NEUCOME: Neuromorphic Compression and Memory Management for next-generation Implantable Brain-machine Interfaces

Project: Research

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Description

A promising technology to restore the communication and locomotion function of patients suffering from paralysis is intra-cortical Brain-Machine Interface (iBMI). The significant challenges for such implantable iBMI systems include a wired connection to computers that reduce mobility, holes in the skull for wiring that may lead to infections, and a limited number of sensor channels that provide fewer data. This proposal aims to overcome these challenges using a novel integrated circuit techniques and architectures to compress the data to meet wireless transmission bitrates and power dissipation limits while increasing sensor channel count. No solution exists for managing the increasing data generated by tens of thousands of sensor channels. This increased data requires a large area and power dissipation due to memory size. One solution may be enabled by the sparsity of neural signals –neural spikes that carry information exist only for ~2% of the time resulting in high energy efficiencies of the brain. We propose two neuromorphic architectures to exploit this sparsity. In the first architecture, we propose to use a hashing-bashed method from computer architecture to map the output of the high-dimensional sensor array to a smaller-sized memory. A hash function can be generally thought of as any function that can map the input of an arbitrary range of values to an output of a fixed range. A prime consideration here is to minimize collisions, i.e., to avoid neural data from one active channel to overwrite that of another active channel. These collisions may vary based on the sensor type and brain region of implantation. To this end, we propose to use machine learning techniques to identify the ideal parameters of the hash function. In the second architecture, we propose to use change-detection-based amplifier pixels in the sensor array that only output sparse, asynchronous, digital pulses when the input changes by a significant amount. This method provides data compression, but the digital pulses are asynchronous and hence not compatible with standard memory. We propose a new hybrid memory that combines DRAM for analog compute in-memory with SRAM for long-term digital storage. Both methods are estimated to provide 6-8X reduction in power dissipation and will be validated by custom integrated circuit designs that will be tested with pre-recorded data from iBMI systems. We expect the output of this interdisciplinary project to influence future generations of iBMI and other neuro-technologies for translation and fundamental research.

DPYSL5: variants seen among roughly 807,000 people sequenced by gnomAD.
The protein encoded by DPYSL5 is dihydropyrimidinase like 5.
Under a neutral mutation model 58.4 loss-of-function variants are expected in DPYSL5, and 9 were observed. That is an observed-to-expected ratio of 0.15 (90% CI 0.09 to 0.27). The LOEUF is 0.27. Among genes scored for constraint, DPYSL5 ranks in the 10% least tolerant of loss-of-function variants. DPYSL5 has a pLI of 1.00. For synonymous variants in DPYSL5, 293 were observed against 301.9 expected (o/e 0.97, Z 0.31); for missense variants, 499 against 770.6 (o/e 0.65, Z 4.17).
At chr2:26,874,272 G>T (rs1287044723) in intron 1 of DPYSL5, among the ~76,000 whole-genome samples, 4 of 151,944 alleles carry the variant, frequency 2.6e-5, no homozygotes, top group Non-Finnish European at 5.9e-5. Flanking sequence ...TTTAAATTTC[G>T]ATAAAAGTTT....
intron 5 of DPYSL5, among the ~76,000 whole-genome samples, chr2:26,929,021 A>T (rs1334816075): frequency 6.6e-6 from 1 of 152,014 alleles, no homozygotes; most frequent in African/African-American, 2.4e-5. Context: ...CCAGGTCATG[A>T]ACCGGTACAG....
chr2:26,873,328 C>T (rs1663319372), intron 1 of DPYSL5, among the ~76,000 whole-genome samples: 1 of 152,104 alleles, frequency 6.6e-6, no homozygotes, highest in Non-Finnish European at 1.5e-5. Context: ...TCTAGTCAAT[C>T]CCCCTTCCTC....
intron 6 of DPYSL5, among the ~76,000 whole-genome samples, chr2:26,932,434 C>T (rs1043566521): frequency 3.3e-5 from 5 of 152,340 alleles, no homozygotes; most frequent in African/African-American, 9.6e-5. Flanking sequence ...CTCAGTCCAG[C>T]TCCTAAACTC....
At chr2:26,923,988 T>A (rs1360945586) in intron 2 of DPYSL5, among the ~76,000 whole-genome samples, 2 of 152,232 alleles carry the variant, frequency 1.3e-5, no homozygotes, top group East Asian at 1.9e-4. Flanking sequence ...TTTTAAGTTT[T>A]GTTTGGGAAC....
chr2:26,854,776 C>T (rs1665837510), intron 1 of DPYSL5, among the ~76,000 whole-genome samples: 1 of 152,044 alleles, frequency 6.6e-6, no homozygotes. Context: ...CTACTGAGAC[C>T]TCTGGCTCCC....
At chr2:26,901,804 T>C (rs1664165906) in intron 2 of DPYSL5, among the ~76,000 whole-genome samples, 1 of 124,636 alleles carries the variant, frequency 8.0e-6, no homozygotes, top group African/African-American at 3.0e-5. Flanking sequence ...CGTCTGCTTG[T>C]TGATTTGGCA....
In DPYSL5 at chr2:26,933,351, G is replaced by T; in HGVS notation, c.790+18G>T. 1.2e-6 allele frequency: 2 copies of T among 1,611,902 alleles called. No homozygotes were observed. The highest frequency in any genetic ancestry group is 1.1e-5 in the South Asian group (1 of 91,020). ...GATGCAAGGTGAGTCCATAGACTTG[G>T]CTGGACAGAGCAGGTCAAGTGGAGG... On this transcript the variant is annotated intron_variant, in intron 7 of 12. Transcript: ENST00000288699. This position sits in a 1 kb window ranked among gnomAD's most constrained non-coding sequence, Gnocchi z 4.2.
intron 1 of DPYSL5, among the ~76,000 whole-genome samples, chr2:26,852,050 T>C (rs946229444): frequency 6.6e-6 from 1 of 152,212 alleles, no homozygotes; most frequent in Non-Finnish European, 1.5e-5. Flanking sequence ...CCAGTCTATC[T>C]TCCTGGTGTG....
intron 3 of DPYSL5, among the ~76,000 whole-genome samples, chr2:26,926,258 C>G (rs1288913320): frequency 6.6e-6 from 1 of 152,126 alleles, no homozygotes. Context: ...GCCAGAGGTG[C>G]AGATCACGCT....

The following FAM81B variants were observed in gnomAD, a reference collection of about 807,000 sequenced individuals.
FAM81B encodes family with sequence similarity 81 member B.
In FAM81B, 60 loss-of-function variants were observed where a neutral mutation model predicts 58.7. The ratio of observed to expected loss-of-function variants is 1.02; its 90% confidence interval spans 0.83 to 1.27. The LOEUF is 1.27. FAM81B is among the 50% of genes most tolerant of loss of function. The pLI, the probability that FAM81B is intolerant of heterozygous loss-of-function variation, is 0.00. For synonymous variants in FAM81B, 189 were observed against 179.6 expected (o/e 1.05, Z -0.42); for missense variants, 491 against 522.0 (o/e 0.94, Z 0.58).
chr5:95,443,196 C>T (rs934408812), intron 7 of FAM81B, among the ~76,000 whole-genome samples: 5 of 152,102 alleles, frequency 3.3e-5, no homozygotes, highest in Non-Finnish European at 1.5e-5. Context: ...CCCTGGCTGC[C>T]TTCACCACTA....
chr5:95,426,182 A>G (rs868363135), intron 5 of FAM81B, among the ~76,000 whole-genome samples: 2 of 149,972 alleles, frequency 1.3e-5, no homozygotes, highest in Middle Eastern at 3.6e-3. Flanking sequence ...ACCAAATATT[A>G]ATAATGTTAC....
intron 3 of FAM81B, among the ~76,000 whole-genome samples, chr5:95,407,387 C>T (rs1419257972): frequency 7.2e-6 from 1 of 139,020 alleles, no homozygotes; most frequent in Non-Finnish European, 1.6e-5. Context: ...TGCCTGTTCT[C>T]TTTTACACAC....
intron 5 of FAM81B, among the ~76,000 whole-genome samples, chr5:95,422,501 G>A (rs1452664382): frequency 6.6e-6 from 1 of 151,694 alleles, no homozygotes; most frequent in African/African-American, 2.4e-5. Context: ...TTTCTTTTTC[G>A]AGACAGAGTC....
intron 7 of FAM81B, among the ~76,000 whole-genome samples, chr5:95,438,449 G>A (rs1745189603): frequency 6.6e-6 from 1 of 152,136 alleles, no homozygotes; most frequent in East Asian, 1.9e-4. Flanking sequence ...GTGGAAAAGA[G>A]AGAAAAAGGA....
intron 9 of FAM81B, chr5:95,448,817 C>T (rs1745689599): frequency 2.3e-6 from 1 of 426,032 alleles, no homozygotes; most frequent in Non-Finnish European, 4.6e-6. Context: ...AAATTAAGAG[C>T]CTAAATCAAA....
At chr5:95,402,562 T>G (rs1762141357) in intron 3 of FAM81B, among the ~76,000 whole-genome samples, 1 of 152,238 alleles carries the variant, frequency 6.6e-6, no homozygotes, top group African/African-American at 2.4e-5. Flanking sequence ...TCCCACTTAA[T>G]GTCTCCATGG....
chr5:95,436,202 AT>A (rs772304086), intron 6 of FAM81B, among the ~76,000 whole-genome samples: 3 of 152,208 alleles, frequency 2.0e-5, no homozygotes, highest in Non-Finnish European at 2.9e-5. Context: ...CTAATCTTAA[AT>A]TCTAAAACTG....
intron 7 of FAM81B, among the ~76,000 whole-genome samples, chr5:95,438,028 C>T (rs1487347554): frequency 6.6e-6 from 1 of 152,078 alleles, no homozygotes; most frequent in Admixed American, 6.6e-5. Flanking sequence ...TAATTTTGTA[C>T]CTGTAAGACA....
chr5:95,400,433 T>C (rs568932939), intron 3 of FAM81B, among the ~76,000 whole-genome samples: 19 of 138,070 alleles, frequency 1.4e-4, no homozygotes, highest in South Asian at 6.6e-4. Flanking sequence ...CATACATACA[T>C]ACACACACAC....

Detail(s)

Project number9043307
Grant typeGRF
StatusNot started
Effective start/end date1/01/23 → …